What glows green in space?

Mar 18, 2013 by Elizabeth Howell, Universe Today
The Wreath Nebula (Barnard 3) glows green in space in this Wide-field Infrared Survey Explorer (WISE) image. Credit: NASA/JPL-Caltech/UCLA

While a quest for green beer in space would be difficult, we're happy to report there are other ways you can celebrate Saint Patrick's Day while looking at the night sky. Just check out the nebulae and aurorae in these pictures!

A word of caution, these pictures are taken by cameras that expose light for a very long time, sometimes using different filters, to bring out the colors. A nebula, for example, seen with our own eyes does not look quite as stunning.

The picture above shows the Wreath Nebula, which apparently is filled with warm dust bits that are about the same composition as smog.

RCW 120. Credit: NASA/JPL-Caltech

Here's a picture of a "Green Ring" ; the NASA press release is worth a read for the hilarious Green Lantern references. But besides the science fiction, there is some neat science in action here: "The green color represents coming from tiny dust grains called polycyclic aromatic hydrocarbons," NASA writes. "These small grains have been destroyed inside the bubble. The red color inside the ring shows slightly larger, hotter dust grains, heated by the ."

You can even see hints of green in the picture above. Using a filter that picks up green (sulfur) emission, the astronomers ferreted out a bit of emerald.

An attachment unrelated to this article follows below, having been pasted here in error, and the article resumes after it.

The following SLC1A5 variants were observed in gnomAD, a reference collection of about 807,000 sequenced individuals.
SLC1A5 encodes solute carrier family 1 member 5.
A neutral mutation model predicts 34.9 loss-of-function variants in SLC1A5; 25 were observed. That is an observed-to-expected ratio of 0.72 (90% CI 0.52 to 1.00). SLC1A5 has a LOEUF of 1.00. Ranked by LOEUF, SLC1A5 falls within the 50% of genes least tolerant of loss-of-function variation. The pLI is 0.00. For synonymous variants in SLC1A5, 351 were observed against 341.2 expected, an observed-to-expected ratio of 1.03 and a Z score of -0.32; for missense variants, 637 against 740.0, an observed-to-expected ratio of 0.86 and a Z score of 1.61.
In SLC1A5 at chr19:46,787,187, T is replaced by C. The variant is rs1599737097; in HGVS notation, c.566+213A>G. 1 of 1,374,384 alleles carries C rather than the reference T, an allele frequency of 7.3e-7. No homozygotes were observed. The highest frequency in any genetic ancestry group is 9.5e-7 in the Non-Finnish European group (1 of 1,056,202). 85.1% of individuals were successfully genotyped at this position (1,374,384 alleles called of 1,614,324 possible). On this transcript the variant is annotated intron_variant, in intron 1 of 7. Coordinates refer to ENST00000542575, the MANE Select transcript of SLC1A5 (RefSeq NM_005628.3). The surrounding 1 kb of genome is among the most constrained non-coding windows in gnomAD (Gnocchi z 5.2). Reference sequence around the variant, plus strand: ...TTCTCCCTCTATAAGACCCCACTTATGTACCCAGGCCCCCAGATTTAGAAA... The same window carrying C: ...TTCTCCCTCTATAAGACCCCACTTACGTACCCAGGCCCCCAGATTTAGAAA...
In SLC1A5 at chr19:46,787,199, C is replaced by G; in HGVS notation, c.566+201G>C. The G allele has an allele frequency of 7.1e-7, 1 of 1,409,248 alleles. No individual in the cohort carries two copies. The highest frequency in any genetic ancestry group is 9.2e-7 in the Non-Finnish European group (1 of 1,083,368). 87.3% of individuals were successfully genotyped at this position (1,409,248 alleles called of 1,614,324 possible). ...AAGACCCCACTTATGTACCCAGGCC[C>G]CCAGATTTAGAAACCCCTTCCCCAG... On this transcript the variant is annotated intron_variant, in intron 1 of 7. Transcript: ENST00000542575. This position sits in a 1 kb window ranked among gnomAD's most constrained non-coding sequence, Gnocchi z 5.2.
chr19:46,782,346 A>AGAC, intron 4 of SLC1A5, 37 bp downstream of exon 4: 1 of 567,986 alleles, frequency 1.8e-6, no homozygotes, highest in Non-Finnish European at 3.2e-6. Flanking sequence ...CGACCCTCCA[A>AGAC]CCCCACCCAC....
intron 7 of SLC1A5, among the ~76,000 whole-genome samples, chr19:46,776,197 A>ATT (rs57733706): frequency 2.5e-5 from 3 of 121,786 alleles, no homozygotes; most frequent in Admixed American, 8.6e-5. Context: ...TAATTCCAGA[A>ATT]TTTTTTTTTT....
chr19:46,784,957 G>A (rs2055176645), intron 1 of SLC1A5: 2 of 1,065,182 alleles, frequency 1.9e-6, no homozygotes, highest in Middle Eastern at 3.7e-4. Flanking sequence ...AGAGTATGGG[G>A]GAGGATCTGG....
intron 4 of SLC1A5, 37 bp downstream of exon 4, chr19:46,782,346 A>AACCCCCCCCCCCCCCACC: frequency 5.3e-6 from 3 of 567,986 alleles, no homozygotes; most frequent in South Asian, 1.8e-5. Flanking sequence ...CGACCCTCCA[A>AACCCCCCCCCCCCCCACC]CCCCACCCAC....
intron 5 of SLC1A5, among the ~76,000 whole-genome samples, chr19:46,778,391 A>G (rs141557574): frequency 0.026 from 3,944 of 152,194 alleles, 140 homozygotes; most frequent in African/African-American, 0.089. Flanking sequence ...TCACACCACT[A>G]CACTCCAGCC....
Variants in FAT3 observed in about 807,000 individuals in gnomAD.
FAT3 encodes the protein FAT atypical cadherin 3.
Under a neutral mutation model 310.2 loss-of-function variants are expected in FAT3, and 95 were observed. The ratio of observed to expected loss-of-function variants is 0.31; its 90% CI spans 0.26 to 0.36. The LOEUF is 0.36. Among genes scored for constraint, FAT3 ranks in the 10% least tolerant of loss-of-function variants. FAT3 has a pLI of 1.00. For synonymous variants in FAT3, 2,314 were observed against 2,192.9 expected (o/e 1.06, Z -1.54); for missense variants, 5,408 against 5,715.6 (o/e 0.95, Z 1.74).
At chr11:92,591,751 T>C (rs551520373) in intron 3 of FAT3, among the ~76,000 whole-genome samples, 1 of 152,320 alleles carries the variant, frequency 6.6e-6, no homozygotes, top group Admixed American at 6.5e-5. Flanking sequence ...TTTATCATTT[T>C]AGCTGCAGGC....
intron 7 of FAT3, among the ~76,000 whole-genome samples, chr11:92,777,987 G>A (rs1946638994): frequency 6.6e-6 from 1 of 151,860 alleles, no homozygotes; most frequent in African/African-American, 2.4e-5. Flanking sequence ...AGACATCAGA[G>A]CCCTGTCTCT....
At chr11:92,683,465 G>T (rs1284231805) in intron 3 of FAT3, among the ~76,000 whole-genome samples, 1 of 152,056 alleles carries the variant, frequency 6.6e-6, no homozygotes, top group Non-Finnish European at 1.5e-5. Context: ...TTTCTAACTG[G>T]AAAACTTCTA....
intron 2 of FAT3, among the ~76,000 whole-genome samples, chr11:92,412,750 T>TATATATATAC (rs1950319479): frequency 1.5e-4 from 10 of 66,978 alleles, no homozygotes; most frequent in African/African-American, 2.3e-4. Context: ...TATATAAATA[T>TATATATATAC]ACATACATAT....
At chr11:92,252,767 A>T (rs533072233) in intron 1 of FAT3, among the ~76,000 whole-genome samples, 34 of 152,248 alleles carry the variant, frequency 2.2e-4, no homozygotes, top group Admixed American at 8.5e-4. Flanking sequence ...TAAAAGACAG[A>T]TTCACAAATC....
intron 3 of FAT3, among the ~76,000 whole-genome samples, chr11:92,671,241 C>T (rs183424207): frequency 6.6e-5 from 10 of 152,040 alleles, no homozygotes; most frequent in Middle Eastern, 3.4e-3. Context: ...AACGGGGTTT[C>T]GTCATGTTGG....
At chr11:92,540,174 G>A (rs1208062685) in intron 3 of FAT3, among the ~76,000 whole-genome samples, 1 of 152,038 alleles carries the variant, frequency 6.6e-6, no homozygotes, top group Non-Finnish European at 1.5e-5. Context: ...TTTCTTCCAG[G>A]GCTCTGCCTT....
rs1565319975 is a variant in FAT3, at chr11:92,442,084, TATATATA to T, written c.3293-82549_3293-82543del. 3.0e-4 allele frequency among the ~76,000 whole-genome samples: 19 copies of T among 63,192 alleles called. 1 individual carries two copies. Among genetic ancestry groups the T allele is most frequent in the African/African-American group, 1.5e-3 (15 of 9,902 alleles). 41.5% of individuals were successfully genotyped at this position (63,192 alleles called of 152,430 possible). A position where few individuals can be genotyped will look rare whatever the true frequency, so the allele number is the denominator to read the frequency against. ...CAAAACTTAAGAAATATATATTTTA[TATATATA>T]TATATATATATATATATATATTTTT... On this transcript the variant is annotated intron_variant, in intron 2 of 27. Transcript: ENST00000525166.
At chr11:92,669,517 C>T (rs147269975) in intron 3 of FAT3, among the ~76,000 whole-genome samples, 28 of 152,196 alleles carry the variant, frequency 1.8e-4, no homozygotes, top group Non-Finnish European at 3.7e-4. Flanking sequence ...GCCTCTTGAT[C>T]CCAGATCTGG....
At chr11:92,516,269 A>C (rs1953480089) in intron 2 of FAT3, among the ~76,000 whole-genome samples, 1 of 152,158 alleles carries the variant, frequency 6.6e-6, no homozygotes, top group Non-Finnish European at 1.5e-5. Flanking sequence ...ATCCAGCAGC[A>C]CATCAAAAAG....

A portion of the Lagoon nebula imaged by the Gemini South telescope with the Gemini Multi-Object Spectrograph. Credit: Julia I. Arias and Rodolfo H. Barbá Departamento de Física, Universidad de La Serena (Chile), and ICATE-CONICET (Argentina)

If you live far enough north or south, you occasionally get to see aurorae dancing across the sky. These events, sometimes known as the Northern Lights or Southern Lights, occur due to interactions between the sun's particles and the Earth's . We had some green stunners in October 2012 after a pushed a bunch of these particles in Earth's direction. Most of the light you see in auroras comes from being "excited" from the interaction with the sun's particles; green occurs at higher altitudes, and red at lower ones.

One object that can't glow green in space, however, is a star. Stellar colors depend on the surface of the star. Blue stars, the hottest ones, are at about 12,000 Kelvin and red stars, the coolest ones, are less than 3,500 Kelvin. (The sun is about in the middle, at 6,800 Kelvin, as it emits white light.)

Light curve of different stars.

As Universe Today publisher Fraser Cain pointed out in a past post, the only way a green star could be possible is if the light curve peaks at green. That doesn't work, however: "If you make the star hotter, it just gets bluer," he wrote. "And if you make a star cooler, it just becomes orange and then redder. There's no way to have a light curve that makes a star look green." Check out more details here.

Explore further: Dark matter is darker than once thought

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